In November, Facebook CEO Mark Zuckerberg started sprinkling a new phrase, or perhaps a new idea, into his quarterly call with investors. “It’s important to remember that Facebook is about bringing people closer together and enabling meaningful social interactions,” he said. Research, he continued, demonstrates that interactions with friends and family on social media is particularly “meaningful.” The goal of his service is to “encourage meaningful social interactions” and to connect in ways that lead to “meaningful interactions” and let us “build meaningful relationships.”
Clearly something was up. In December, Facebook researchers worked the word “meaningful” seven times into a blog post about the value of social media. “We want Facebook to be a place for meaningful interactions,” they wrote, explaining findings that the passive use of social media can be alienating but active use can be beneficial.
Thursday, Zuckerberg more fully explained how this quest for meaning will be worked into the core of its platform: Facebook is changing the algorithm that powers its newsfeed, the service at its core and the mechanism that increasingly determines how news and information spread throughout the world.
“We built Facebook to help people stay connected and bring us closer together with the people that matter to us. Research shows that strengthening our relationships improves our well-being and happiness,” Zuckerberg wrote in a blog post. “But recently we’ve gotten feedback from our community that public content – posts from businesses, brands and media – is crowding out the personal moments that lead us to connect more with each other. Based on this, we’re making a major change to how we build Facebook. I’m changing the goal I give our product teams from focusing on helping you find relevant content to helping you have more meaningful social interactions.”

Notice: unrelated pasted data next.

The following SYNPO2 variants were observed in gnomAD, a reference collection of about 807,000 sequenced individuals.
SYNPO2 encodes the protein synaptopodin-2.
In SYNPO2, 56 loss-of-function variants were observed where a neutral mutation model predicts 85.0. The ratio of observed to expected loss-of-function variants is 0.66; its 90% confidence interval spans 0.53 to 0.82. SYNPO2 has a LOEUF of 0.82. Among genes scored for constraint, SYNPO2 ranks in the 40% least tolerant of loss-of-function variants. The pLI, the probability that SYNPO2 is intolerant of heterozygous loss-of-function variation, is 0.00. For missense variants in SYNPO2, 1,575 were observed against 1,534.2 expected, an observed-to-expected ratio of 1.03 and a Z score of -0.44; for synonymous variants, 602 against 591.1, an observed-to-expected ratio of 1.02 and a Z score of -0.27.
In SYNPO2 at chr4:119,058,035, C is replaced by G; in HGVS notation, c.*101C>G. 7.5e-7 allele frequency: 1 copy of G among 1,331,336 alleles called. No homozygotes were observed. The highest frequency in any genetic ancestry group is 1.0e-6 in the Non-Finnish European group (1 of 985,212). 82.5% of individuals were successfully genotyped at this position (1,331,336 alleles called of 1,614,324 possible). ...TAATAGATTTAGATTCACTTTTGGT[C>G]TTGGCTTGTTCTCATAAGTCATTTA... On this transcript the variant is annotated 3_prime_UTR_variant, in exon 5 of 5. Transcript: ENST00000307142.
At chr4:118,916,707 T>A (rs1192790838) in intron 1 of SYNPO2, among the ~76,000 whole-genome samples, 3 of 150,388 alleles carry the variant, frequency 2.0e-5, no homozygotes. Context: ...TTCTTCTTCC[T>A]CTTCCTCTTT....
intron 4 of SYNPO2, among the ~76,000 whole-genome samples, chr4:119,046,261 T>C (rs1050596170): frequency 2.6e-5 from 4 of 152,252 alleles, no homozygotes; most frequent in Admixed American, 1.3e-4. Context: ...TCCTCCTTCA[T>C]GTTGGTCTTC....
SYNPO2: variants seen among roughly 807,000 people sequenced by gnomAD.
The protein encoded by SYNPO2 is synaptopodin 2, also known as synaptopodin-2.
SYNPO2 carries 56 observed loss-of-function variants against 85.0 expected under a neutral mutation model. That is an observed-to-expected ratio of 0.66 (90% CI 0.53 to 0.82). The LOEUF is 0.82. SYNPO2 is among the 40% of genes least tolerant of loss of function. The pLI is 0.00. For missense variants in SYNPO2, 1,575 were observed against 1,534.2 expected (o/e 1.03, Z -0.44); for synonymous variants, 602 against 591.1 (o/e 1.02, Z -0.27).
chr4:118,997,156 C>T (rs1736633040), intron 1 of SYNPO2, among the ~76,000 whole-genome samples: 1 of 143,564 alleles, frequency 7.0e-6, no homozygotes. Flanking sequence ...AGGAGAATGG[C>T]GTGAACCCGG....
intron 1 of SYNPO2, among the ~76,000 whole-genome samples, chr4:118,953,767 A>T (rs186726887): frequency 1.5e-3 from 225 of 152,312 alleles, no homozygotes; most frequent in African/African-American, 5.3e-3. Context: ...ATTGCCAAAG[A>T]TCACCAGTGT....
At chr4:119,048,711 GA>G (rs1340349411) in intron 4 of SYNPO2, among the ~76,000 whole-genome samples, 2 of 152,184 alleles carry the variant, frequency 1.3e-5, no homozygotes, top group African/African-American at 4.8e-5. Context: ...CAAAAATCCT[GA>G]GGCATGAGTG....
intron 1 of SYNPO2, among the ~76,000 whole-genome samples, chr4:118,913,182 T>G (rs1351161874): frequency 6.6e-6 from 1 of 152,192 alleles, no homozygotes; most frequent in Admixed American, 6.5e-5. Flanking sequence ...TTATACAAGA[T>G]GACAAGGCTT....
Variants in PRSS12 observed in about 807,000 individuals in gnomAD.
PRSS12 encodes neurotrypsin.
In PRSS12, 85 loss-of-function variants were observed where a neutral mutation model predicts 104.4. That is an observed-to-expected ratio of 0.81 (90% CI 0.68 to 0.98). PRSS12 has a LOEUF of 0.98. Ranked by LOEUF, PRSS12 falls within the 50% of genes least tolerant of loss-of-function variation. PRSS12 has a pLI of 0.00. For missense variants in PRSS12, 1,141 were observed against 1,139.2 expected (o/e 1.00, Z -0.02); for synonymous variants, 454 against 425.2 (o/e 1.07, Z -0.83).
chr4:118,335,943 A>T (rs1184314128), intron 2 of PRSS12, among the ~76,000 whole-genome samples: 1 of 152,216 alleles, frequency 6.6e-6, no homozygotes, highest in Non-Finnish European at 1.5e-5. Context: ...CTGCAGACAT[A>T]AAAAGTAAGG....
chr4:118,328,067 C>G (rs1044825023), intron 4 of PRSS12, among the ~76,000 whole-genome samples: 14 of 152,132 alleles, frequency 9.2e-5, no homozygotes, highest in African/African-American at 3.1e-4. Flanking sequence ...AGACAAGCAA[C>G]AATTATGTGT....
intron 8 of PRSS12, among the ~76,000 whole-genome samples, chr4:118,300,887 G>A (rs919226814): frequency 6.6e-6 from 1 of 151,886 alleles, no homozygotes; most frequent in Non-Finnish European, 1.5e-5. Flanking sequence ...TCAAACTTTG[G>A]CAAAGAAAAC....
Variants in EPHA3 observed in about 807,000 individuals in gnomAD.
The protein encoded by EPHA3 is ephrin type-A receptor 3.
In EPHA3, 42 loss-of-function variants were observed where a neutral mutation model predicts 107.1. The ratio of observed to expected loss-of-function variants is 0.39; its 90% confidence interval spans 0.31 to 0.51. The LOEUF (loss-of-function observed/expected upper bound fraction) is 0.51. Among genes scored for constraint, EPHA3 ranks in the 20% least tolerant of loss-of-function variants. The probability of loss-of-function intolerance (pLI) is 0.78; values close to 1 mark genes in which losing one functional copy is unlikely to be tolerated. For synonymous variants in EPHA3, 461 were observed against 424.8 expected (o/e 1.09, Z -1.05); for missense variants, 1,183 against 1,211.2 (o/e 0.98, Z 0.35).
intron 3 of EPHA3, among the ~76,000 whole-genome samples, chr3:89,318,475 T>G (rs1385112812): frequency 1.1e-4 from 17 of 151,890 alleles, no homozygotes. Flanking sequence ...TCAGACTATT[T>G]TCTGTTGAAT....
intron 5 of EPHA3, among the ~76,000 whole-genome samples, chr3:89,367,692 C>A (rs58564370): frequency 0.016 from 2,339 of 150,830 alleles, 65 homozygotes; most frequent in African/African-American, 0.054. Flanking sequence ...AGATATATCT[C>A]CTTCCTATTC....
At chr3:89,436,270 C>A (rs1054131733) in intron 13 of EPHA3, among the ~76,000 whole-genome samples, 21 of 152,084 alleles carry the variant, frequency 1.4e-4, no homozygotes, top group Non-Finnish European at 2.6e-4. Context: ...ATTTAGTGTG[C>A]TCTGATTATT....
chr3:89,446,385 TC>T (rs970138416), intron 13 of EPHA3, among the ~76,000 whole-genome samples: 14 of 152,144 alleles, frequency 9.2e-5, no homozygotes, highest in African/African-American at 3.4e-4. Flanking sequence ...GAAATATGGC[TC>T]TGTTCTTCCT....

The upshot: The newsfeed algorithm will now give less weight to the popularity of posts and more weight to posts that encourage users to interact and comment. One of the big criticisms of Facebook in the past 18 months is that the content we see in the newsfeed is driven too much by Facebook’s obsession with persuading people to spend as much time as possible on Facebook. The more time people spend in the newsfeed, the more ad revenue Facebook makes. That may be good for Facebook, but, according to an increasingly loud chorus of critics, it’s not so good for humanity.
That’s changing. Popularity may have been the most important indicator when Facebook was small. But as Facebook has become the world’s news and information network, it’s helped make the newsfeed feel like a third-rate tabloid that not only drives the most extreme and polarizing information to the top our feeds, but encourages creators of that content to be more extreme and polarizing to get noticed.
Now, instead of optimizing for how much time users spend on Facebook, Zuckerberg says he wants the time users do spend be “time well spent.” What that means, according to Adam Mosseri, Facebook’s newsfeed boss, is that video, news, and other content from formal Facebook pages will get less prominence than posts from friends and family. It means that the number of comments on a post will count more than the number of Likes, and it means that posts where people have taken the time to write long comments will get more weight than those with only short comments. News and video will continue to appear in newsfeed, but the number of friends sharing it will matter more than its overall popularity.